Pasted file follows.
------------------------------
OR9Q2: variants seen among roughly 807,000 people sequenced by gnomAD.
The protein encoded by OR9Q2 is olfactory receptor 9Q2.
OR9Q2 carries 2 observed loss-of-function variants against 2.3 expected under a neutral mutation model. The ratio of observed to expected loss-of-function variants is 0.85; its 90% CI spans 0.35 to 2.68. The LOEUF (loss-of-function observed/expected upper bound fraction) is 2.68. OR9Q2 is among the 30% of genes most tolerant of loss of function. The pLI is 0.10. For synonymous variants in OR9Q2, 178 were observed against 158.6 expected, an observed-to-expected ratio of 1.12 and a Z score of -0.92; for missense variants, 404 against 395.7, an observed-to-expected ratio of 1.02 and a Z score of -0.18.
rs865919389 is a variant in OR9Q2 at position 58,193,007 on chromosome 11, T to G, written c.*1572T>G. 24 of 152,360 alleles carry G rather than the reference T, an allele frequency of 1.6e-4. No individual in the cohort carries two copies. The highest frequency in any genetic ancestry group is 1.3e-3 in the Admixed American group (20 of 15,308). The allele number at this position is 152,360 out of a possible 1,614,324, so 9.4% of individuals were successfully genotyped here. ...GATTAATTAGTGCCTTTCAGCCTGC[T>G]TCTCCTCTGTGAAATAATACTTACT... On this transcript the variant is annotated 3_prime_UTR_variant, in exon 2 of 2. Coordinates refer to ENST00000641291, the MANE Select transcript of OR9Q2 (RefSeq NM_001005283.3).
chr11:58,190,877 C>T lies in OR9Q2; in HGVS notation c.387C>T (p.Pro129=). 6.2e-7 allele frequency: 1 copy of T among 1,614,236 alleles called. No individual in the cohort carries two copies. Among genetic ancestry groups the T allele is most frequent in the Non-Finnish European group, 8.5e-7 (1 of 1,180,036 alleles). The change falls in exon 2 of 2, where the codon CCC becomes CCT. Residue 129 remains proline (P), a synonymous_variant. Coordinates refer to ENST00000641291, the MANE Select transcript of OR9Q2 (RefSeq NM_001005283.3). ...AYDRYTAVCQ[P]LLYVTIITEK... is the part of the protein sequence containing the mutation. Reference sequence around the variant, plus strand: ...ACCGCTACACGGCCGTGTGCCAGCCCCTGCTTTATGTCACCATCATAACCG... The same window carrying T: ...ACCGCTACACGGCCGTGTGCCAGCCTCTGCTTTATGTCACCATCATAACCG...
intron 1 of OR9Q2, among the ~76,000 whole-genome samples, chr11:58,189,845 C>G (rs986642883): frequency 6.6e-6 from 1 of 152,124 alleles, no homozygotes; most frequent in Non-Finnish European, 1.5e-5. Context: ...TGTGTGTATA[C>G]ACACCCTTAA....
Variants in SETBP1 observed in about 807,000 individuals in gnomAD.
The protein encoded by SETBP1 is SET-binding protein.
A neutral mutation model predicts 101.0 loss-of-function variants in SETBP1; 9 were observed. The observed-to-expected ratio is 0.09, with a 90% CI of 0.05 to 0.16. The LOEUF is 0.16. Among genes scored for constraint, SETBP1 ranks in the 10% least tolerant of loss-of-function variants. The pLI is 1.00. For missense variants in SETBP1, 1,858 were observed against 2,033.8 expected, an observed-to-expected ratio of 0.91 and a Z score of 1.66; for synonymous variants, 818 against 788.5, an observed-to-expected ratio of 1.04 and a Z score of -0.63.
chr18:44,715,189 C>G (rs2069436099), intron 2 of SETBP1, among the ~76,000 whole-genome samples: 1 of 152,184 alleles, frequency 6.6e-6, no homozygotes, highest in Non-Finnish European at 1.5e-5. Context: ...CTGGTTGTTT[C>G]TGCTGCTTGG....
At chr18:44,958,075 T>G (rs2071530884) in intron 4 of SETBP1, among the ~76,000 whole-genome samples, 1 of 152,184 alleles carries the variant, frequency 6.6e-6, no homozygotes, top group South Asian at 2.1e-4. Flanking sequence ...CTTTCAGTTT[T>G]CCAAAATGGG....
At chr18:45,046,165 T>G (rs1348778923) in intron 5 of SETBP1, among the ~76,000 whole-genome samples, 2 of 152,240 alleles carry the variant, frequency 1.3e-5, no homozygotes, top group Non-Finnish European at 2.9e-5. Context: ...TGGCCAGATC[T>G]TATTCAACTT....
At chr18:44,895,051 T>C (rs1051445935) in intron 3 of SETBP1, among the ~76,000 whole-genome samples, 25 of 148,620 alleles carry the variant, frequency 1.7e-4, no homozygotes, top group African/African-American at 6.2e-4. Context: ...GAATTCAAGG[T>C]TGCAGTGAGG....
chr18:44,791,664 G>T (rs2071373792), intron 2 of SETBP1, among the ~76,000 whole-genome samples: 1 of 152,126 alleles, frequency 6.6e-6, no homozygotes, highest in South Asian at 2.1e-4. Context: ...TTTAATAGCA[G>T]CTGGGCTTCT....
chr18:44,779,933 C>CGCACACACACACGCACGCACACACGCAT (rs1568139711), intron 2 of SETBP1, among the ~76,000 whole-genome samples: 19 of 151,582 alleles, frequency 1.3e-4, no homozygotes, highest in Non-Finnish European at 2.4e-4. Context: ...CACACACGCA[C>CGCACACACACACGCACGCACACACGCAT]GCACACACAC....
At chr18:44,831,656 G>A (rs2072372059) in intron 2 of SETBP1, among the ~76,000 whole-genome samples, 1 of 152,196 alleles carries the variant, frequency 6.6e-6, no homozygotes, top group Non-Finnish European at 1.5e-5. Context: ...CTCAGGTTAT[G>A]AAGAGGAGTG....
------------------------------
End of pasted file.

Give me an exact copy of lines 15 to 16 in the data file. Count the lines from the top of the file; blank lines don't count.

chr18:44,779,933 C>CGCACACACACACGCACGCACACACGCAT (rs1568139711), intron 2 of SETBP1, among the ~76,000 whole-genome samples: 19 of 151,582 alleles, frequency 1.3e-4, no homozygotes, highest in Non-Finnish European at 2.4e-4. Context: ...CACACACGCA[C>CGCACACACACACGCACGCACACACGCAT]GCACACACAC....
At chr18:44,831,656 G>A (rs2072372059) in intron 2 of SETBP1, among the ~76,000 whole-genome samples, 1 of 152,196 alleles carries the variant, frequency 6.6e-6, no homozygotes, top group Non-Finnish European at 1.5e-5. Context: ...CTCAGGTTAT[G>A]AAGAGGAGTG....